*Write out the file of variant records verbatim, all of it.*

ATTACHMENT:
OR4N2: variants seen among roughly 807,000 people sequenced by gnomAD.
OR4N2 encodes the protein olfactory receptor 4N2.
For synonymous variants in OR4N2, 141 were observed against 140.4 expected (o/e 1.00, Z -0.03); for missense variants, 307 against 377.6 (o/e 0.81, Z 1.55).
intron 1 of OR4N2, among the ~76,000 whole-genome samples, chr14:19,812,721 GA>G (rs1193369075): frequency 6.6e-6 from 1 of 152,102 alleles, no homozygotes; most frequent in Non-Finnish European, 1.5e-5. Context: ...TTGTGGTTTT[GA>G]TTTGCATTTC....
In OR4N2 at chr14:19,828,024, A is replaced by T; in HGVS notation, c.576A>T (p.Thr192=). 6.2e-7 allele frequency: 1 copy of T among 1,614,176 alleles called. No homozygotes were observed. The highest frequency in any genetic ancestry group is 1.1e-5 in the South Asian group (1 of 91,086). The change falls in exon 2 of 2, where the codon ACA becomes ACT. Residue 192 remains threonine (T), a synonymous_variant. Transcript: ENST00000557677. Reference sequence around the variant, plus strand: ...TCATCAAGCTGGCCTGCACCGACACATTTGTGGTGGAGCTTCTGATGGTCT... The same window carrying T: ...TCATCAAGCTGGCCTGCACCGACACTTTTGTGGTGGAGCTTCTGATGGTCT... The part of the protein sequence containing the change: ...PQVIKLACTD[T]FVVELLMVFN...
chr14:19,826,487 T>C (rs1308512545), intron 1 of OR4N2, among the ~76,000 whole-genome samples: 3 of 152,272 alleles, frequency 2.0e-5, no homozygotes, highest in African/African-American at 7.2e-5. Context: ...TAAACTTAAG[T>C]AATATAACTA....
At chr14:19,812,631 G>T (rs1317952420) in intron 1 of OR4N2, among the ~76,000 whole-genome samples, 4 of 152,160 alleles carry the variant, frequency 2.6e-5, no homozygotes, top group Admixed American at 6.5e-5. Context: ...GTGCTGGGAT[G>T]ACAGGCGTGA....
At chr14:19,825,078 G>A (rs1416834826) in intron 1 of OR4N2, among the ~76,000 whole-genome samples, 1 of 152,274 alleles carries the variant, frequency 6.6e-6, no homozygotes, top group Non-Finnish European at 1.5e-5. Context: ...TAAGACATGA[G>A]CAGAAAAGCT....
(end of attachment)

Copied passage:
OR4N2: variants seen among roughly 807,000 people sequenced by gnomAD.
OR4N2 encodes the protein olfactory receptor 4N2.
For synonymous variants in OR4N2, 141 were observed against 140.4 expected (o/e 1.00, Z -0.03); for missense variants, 307 against 377.6 (o/e 0.81, Z 1.55).
intron 1 of OR4N2, among the ~76,000 whole-genome samples, chr14:19,812,721 GA>G (rs1193369075): frequency 6.6e-6 from 1 of 152,102 alleles, no homozygotes; most frequent in Non-Finnish European, 1.5e-5. Context: ...TTGTGGTTTT[GA>G]TTTGCATTTC....
In OR4N2 at chr14:19,828,024, A is replaced by T; in HGVS notation, c.576A>T (p.Thr192=). 6.2e-7 allele frequency: 1 copy of T among 1,614,176 alleles called. No homozygotes were observed. The highest frequency in any genetic ancestry group is 1.1e-5 in the South Asian group (1 of 91,086). The change falls in exon 2 of 2, where the codon ACA becomes ACT. Residue 192 remains threonine (T), a synonymous_variant. Transcript: ENST00000557677. Reference sequence around the variant, plus strand: ...TCATCAAGCTGGCCTGCACCGACACATTTGTGGTGGAGCTTCTGATGGTCT... The same window carrying T: ...TCATCAAGCTGGCCTGCACCGACACTTTTGTGGTGGAGCTTCTGATGGTCT... The part of the protein sequence containing the change: ...PQVIKLACTD[T]FVVELLMVFN...
chr14:19,826,487 T>C (rs1308512545), intron 1 of OR4N2, among the ~76,000 whole-genome samples: 3 of 152,272 alleles, frequency 2.0e-5, no homozygotes, highest in African/African-American at 7.2e-5. Context: ...TAAACTTAAG[T>C]AATATAACTA....
At chr14:19,812,631 G>T (rs1317952420) in intron 1 of OR4N2, among the ~76,000 whole-genome samples, 4 of 152,160 alleles carry the variant, frequency 2.6e-5, no homozygotes, top group Admixed American at 6.5e-5. Context: ...GTGCTGGGAT[G>T]ACAGGCGTGA....
At chr14:19,825,078 G>A (rs1416834826) in intron 1 of OR4N2, among the ~76,000 whole-genome samples, 1 of 152,274 alleles carries the variant, frequency 6.6e-6, no homozygotes, top group Non-Finnish European at 1.5e-5. Context: ...TAAGACATGA[G>A]CAGAAAAGCT....